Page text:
Think about the last time you messed up.
I don’t mean a small mistake, like you forgot to return your library books for a week and racked up a few bucks in late fees.
I mean, something huge. Like, you wrote a series finale for a beloved sitcom. But instead of leaving things on a positive note, you wrote something that completely unraveled the entire character arc of the protagonist and rendered the whole series unwatchable.
(No, I’m not over How I Met Your Mother yet. Grieving takes time, guys.)
After the episode bombed (or whatever), how did you react? Did you…?
A. Sink into a bottle of wine, spend the night calling yourself mean names, and decide that writing isn’t for you. Maybe you’ll go back to school and become an accountant or something?
B. Take a deep breath and give yourself a break. Accept that the finale didn’t turn out how you (or anyone else) hoped it would and use the experience as a learning opportunity.
Why Do I Ask?
Well, research suggests that the way you approach failure is more important than the fact that you messed up. So, let’s unpack that.
What Is a Fixed Mindset?
If you related to option A more in our little scenario, you’re rocking a Fixed Mindset.
You might agree with a handful of these statements:
I’m just not good at math.
I’m not a creative person.
I’m pretty smart, so I usually do well on tests.
Are you catching on to a theme here? If you have a fixed mindset, you believe that your strengths and weaknesses are – you guessed it- fixed. You’re always been good at baking and bad at soccer, and you always will be.
You probably believe that your traits are pretty much locked in at birth, too. You’re creative, stubborn, and sarcastic. End of story.
More importantly, you are deathly afraid of failure. You would rather bake that one chocolate chip cookie recipe your family loves for the hundredth time than try out that lemon souffle you saw on Pinterest that might fall flat.
You value the safety of sure success over the risk of taking on a new challenge – and maybe not nailing it.
Okay, So What’s a Growth Mindset, Then?
If you’re more an option B kind of girl, you are the lucky owner of a Growth Mindset.
You might throw out a few of these phrases in your daily life:
I’m not too happy with how I did on this test, so I’ll study more for the next one.
I can’t run for very long yet, but I’ll get better with more practice.
It sucks that that guy from the gym didn’t want to go out, but I’m happy I pulled myself together enough to ask.
Do you see a few key differences here? People who have a growth mindset aren’t delusional. They accept the fact that they’re good at some things and not great at others. But they also know that they can get better.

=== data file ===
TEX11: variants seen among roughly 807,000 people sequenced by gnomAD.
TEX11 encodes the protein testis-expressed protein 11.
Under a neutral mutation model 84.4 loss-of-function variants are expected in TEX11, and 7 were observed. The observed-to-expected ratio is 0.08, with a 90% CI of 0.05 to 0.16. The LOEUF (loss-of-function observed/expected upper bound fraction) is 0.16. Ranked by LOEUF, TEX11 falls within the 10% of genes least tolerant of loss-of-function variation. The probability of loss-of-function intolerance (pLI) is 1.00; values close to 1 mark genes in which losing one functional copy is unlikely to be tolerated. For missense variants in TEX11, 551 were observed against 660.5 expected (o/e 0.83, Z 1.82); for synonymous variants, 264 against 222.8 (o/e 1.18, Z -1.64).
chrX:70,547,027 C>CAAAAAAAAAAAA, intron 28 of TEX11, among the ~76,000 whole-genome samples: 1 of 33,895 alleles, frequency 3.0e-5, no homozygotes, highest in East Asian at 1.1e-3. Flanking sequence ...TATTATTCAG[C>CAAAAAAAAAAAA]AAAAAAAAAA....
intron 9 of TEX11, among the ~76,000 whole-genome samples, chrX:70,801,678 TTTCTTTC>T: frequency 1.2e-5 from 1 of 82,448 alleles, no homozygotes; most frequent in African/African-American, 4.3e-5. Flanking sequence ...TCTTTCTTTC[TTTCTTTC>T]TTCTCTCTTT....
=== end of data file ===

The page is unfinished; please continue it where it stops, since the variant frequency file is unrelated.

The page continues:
Having a growth mindset means that you:
Accept your potential to change
Embrace the magic of meaningful effort
If you have a growth mindset, you’re not afraid to take a risk because you’ll either achieve something amazing or learn something from your failure.
Does Your Mindset Actually Matter?
But wait. A growth mindset might make you popular on Instagram (#inspiration), but can your mindset actually impact your life? Actually, yes.
Research suggests that people with growth mindsets are more likely to take on new challenges than people with fixed mindsets. They also have better attitudes toward failure. Actually, they don’t tend to perceive themselves as having failed. Instead, they see setbacks as learning opportunities.
To watch a growth mindset in action, please do yourself the favor of watching or reading Randy Pausch’s The Last Lecture, which includes countless gems like this one:
Experience is what you get when you didn’t get what you wanted. And experience is often the most valuable thing you have to offer.
Can You Change Your Mindset?
Are you firmly planted in the fixed mindset camp and feeling a little salty about this whole glorification of the growth mindset? Don’t worry. If your mindset isn’t doing you any favors, you can learn to develop a growth mindset (and start reaping the benefits, too.)
Thanks to neuroscience, we know that it’s possible to change the actual physical structure of the brain through dedicated practice. (Science is so cool, you guys. This is called neuroplasticity if you want to learn more!)
I sense a follow-up post…
Want to learn how to start developing a growth mindset? Feel like this whole thing might be a bit more nuanced than it looks at first glance? You’re so right. You can learn more here.